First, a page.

Since the publication of this BBC News article about Nigerian spammers, my normal weekly hits for "painted b00bs" have been supplemented by hits for "Church of the painted bre@sts." S(orry for the substitutions, I don't want any more hits.) But I do love when people make the Nigerians do crazy things.
Also, a funny article on awful names celebrities give their children. My favorite? Ving Rhames' daughter, Reignbeau Rhames. At least it plays with homophones (and supports the future male headship of the girl's suitor).
I think anyone who gives their kid a stupidly-spelled name owes them a few years of their life back -- namely, all that time the kid spends saying "No, not A-m-y. It is spelled A-i-m-i-e-e-y."
Posted by Old Oligarch on 7/14/2004 02:08:00 PM | link
When former philosophy majors turn comp-sci, they make e-mail services with names like this.
(For an explanation of the concept of "agent intellect" read the Catholic Encyclopedia article, s.v. "Intellect.")
Posted by Old Oligarch on 7/11/2004 08:34:00 PM | link
For the price of an SUV, you could have this instead:
Thunder in the Hills: Shoot machine guns in West Virginia. (Click on link, not picture, for lots of movies. You gotta see that minicannon fire.) This is not a birthday hint.
How did I live in CT for so long and not find these guys? Another miracle of the internet. Zorak, I am sure, would love to see me fool around with the Krinkov, disarmed of its flash suppressor:
Posted by Old Oligarch on 7/10/2004 05:27:00 PM | link
Soon to be overheard a local poker table near you:
"Pair of hantavirus? Gotcha beat, pal. Full house! Two avian flu and three recreational water illness. Fork it over."
All this fun and more with CDC infectious disease playing cards. (Via Klishis.)
Posted by Old Oligarch on 7/10/2004 05:02:00 PM | link
"It is not to be regretted that St Thomas did not adopt a specialist viewpoint, for it is the nemesis of all specialization to fail to see the woods for the trees, to evolve ad hoc solutions that are indeed specious yet profoundly miss the mark for the very reason that they aim too intently at a limited goal. There is a disinterestedness and an objectivity that comes only from aiming excessively high and far, that leaves one free to take each issue on its merits, to proceed by intrinsic analysis instead of piling up a debater's arguments, to seek no greater achievement than the inspiration of the moment warrants, to await with serenity for the coherence of truth itself to bring to light the underlying harmony of the manifold whose parts successively engage one's attention. Spontaneously such thought moves towards synthesis, not so much by any single master stroke as by an unnumbered succession of the adaptations that spring continuously from intellectual vitality. Inevitably such a thinker founds a school, for what he builds is built securely, and what the span of mortal life or the limitations of his era force him to leave undone, that nonetheless already stands potentially within the framework of his thinking and the suggestiveness of his approach. Finally, the greater such a genius is, perhaps the more varied will be the schools that appeal to him; for it is not to be taken for granted that the ever lesser followers of genius will be capable of ascending more than halfway up the mountain of his achievement or even, at times, of recognizing that one mountain has many sides."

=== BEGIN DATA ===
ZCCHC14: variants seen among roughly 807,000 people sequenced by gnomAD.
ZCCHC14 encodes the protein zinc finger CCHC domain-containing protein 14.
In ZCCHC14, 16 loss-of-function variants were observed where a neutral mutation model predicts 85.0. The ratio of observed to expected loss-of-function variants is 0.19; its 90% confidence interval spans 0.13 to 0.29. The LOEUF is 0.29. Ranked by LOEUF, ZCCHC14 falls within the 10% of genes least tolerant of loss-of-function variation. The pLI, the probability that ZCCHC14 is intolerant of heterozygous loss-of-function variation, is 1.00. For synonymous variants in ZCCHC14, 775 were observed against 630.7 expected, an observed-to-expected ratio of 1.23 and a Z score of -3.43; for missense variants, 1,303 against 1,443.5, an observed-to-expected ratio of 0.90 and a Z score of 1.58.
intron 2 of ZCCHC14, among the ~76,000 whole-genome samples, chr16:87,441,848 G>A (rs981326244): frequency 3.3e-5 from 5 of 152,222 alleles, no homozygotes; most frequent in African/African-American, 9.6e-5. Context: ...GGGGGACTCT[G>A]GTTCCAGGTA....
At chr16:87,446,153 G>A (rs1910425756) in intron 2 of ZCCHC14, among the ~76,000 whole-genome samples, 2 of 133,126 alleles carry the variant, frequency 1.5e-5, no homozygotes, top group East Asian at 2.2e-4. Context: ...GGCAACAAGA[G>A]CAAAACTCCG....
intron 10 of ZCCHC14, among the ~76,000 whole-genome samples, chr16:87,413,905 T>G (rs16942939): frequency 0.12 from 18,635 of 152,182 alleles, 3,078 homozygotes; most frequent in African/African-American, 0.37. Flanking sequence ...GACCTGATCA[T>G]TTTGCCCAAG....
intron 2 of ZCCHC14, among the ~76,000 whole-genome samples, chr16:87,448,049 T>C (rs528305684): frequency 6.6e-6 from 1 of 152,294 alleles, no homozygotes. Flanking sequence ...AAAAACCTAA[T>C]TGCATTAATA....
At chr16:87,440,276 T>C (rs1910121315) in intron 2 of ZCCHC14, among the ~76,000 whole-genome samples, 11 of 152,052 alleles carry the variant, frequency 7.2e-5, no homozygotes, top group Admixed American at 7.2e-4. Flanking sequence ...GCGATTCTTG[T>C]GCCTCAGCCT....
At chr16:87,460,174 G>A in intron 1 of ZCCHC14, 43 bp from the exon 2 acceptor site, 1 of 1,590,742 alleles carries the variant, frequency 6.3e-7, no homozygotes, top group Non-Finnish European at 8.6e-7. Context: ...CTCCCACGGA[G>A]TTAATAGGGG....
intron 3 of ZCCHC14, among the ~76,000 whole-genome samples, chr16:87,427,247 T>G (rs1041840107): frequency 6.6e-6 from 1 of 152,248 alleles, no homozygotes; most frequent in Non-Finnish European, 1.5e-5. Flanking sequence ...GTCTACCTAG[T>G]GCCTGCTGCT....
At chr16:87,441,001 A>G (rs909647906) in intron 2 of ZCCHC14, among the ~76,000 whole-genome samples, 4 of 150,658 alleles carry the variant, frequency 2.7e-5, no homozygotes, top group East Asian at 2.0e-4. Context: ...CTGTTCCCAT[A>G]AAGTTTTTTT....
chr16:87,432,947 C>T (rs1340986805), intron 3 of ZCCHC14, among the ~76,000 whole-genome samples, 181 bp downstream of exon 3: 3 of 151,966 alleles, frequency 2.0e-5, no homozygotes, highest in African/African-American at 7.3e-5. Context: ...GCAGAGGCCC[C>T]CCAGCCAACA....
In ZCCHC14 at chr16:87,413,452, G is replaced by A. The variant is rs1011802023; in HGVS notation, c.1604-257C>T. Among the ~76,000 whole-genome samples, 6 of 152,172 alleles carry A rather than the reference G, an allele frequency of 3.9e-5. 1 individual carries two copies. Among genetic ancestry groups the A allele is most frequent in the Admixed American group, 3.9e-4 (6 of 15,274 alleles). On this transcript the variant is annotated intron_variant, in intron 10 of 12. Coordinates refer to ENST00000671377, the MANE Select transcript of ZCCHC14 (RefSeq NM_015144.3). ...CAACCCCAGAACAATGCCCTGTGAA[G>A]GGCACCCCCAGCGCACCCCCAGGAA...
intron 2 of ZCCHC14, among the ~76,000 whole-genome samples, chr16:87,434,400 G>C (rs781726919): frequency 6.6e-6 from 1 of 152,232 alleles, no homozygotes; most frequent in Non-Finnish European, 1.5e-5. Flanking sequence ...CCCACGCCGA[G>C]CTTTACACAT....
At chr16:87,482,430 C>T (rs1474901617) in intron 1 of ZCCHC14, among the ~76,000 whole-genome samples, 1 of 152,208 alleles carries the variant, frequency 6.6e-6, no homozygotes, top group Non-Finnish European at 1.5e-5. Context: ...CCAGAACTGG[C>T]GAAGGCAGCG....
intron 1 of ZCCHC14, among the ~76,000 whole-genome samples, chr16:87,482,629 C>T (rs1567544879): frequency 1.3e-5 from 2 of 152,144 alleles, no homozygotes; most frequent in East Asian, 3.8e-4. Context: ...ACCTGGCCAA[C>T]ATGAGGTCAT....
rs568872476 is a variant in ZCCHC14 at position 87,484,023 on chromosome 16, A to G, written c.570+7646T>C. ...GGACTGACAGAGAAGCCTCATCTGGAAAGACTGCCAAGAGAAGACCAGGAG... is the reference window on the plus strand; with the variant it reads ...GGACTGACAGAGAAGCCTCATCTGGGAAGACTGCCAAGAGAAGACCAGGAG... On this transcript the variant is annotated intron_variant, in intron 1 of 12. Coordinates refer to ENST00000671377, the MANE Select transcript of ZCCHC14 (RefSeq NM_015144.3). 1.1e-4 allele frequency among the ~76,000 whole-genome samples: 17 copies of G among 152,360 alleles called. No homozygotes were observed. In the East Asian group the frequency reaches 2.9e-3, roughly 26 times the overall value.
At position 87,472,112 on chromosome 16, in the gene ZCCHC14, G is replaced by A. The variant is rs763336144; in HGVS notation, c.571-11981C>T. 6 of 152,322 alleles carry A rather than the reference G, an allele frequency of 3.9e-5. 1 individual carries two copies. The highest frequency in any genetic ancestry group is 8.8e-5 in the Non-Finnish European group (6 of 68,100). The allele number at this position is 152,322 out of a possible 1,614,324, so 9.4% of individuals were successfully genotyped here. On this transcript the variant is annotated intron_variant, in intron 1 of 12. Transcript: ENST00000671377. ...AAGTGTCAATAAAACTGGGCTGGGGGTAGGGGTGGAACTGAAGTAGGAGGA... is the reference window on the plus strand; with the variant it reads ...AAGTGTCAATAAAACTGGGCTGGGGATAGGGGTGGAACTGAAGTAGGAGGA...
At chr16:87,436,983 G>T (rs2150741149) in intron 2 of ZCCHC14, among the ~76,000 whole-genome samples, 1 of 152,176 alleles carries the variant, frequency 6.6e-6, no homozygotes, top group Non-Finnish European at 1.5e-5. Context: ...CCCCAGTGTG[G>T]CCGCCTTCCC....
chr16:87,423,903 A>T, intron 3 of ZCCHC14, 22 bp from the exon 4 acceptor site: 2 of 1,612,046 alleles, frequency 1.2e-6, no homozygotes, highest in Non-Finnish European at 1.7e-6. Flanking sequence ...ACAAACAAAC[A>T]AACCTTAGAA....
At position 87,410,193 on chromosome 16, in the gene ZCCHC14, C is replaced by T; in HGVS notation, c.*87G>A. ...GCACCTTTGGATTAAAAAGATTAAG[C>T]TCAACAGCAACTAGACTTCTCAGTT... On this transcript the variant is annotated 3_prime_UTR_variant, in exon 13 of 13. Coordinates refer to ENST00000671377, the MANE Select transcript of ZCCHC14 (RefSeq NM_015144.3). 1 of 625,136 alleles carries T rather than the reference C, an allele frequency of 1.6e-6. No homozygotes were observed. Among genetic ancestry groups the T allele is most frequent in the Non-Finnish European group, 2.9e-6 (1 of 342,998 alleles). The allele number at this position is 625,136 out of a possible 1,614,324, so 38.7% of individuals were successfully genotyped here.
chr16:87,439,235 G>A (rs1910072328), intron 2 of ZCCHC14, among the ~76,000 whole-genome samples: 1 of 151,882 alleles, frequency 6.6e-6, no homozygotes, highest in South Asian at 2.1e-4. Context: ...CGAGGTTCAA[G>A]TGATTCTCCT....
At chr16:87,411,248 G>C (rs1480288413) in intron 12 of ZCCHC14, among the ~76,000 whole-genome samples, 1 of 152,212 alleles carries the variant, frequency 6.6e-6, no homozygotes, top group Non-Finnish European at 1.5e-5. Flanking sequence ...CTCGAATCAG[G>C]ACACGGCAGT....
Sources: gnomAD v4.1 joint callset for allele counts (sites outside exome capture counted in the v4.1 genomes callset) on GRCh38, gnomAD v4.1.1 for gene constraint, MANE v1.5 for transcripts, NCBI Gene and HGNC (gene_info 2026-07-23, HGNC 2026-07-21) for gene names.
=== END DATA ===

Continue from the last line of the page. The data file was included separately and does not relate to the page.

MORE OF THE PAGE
-- Bernard Lonergan, Grace and Freedom: Operative Grace in the Thought of St. Thomas Aquinas, 144.
Posted by Old Oligarch on 7/10/2004 03:52:00 PM | link
According to this news blurb from Cruxnews, Dan Schutte, former priest and writer of awful hymns ("Here I am Lord," etc.) is a pillow biter. What a surprise. Have they found him, Haugen and Hass in bathhouse yet?
"Earlier this year, just before FTM's trusty old computer crashed and died, FTM received a fascinating email (now irretrievable) on that old St. Louis Jesuit, and former priest, Dan Schutte, who is now publicly identified as a partnered gay man.
You know Dan Schutte: he's the composer whose music you hate to hear at Mass. And just think, every time you sing one of his copyrighted songs, published in the hymnals or monthly missalettes by Oregon Catholic Press (among others) in a half-dozen different languages, including Vietnamese, (e.g. "Glory & Praise," and Today's Missal), you are generating revenues for Dan's gay lifestyle."
(Scroll down to the bottom of the linked page for the story.)
Posted by Old Oligarch on 7/10/2004 03:06:00 PM | link
Lonergan on Thomas and Einstein on time:
"On this point St. Thomas never had the slightest doubt: he was always above the pre-Einsteinian illusions that are still maintained by our cosmology manuals; strenuously and consistently he maintained that all events are present to God." [p.105]
In a footnote to this passage:
"There would be as many times are there are motions, and so no simultaneity, were not all motions caused by the temporal motion of the celestial spheres (In IV Phys. lect 17, ss. 573-574). Different worlds have no common time (Super I Sententiarum, d. 37, q. 4, a. 3, post med.; Super II Sententiarum d. 2, q. 1, a. 2). Without motion and a measure for it, such as space, there could be no time (In IV Phys., lect 17., ss. 577, 580). 'Before time' is an illusory figment of the imagination (Super II Sententiarum, d. 1, q. 1, a. 5, ad 13m; In XII Metaphys., lect 5, s. 2498). God produces time just as any other creature (In VIII Phys., lect. 2, s. 989; Summa Contra Gentiles, 2, cc. 31-38)."